The DEP wants City Council to approve water lien sales privileges, but the Council is reluctant to allow the DEP to sell a person’s home out from under them until the DEP enacts a third party review process. The DEP contends that a third party review process exists in the form of the Water Board. The problem is that the Water Board has never actually reviewed a water bill. After the DEP’s Deputy Commissioner Steve Lawitts reviews a bill, if it’s still in contention he sends it to the water board at which point it goes to their Executive Director for review. The problem is that their Executive Director is the same Steve Lawitts. In short there is no third party oversight and therefore the DEP and the Water Board just continue to raise rates until the City Council has no choice but to grant them what they want, namely, water lien sales privileges.


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What Lew Fidler Said

Here’s something to think about.

At last week’s city council hearing (blogged about here), Brooklyn’s Lewis Fidler (Democrat, 46th district) proposed that the recent spike in water bill delinquencies could very well be related to the sub-prime lending crisis.

According to Fidler, the parts of NYC known to have high delinquency rates are also the parts of NYC hit hardest by the sub-prime lending crisis. Fidler’s point was something to the effect of “If a homeowner has the resources to pay only the mortgage or the water bill, I think we all know what the homeowner is going to choose to pay.”

What follows from Fidler’s observation is that the DEP’s insistence to keep raising rates will quickly exacerbate the effects of the sub-prime lending crisis, causing more and more foreclosures in NYC.


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Stand-Alone Liens vs. Tax Liens

DEP Commissioner Emily Lloyd has said that her department’s ability to sell stand-alone liens against the property of delinquent customers has been its “single most effective enforcement tool” (quoted in a New York Times article dated October 7, 2007 by Anthony DePalma). About a year and a half ago the DEP lost its ability to sell stand-alone liens and it was replaced by the right to sell tax liens.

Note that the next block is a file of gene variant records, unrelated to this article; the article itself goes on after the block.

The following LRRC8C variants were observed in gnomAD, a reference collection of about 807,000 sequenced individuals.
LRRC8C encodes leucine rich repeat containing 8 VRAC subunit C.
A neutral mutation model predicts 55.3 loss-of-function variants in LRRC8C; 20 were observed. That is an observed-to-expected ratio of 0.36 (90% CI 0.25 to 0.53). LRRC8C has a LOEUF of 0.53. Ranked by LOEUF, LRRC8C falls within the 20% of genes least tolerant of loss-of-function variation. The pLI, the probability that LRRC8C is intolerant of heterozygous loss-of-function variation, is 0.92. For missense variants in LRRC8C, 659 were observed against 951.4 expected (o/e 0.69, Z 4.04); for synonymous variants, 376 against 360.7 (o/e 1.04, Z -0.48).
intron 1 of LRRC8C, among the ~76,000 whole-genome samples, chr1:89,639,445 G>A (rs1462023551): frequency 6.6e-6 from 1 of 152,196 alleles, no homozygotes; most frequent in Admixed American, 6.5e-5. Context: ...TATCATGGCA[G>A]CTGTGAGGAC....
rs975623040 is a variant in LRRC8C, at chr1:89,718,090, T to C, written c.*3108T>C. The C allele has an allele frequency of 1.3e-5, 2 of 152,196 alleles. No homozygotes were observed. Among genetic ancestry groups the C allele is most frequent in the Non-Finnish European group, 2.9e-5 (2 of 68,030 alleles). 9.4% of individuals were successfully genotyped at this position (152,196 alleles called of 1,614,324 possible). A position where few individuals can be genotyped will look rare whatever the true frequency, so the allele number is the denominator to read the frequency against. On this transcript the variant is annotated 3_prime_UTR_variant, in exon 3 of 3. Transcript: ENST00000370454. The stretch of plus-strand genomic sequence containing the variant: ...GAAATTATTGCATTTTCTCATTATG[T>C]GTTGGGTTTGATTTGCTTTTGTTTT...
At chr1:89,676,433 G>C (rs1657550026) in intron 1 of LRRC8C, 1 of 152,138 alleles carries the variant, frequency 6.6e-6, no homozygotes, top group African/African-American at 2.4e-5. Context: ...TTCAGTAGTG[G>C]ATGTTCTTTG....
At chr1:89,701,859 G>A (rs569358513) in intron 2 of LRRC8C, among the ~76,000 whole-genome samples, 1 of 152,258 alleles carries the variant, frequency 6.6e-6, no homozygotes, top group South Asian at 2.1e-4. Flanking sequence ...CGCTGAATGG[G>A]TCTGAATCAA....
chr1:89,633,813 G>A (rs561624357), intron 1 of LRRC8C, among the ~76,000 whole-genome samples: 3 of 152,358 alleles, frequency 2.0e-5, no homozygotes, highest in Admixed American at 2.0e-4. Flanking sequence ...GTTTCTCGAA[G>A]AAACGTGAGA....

So what’s the difference between these two types of liens, tax and stand-alone?

In the interest of being as explanatory as possible, let’s first define the word lien as it appears by itself. Wikipedia defines a lien as “a form of security interest granted over an item of property to secure the payment of a debt or performance of some other obligation.”

In our case this means that if the DEP secures a lien on a property of which the water bill has gone unpaid, the DEP has the right to sell that property and use that collected money as payment for the water bill.

In essence, the scenario described above is a stand-alone water lien, where the DEP has the ability to sell a lien against a property for the sole purpose of collecting on a water bill.

A tax lien is when an entity has the right to sell a property for the purpose of collecting unpaid taxes.

How does this relate to the DEP, as the DEP bills for water usage and not taxes?

Currently, with its ability to sell tax liens and not stand-alone liens, the DEP can only sell a lien against a property if that property is also delinquent on taxes. The DEP claims that this makes their current lien selling ability an ineffective tool for collecting unpaid bills, as only about 15% of their unpaid bills come from properties that are also delinquent taxpayers. This leaves the DEP in a situation where they have no lien sale rights on about 85% of their unpaid bills.


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What You Should Do Now

Yesterday Water Watch NYC blogged about the city council meeting regarding the recent water rate hikes (read it here).

The purpose of the post was not just to inform about what transpired at yesterday’s meeting but also to let you know what your best approach is in response.

So what should you, as an upstanding, bill-paying, New Yorker do? Well, Water Watch NYC recognizes that you’re in a difficult situation. Your rates are going up because of other people that aren’t paying their bills. There seems to be no way around it. Granting certain rights to the DEP is either impractical or unfair. The fact is that the DEP does not deserve the rights to lien sales in their current state. On the other hand, the fact is that granting the DEP the right to sell liens seems to be the most efficient way of raising their collections rates and lowering your water bills.

Therefore, Water Watch NYC suggests that you call your local assembly representative and ask them to allow the DEP to sell liens, but you should also be asking your representative to apply as much pressure as they can on the DEP to implement some sort of oversight and to further clean up their act.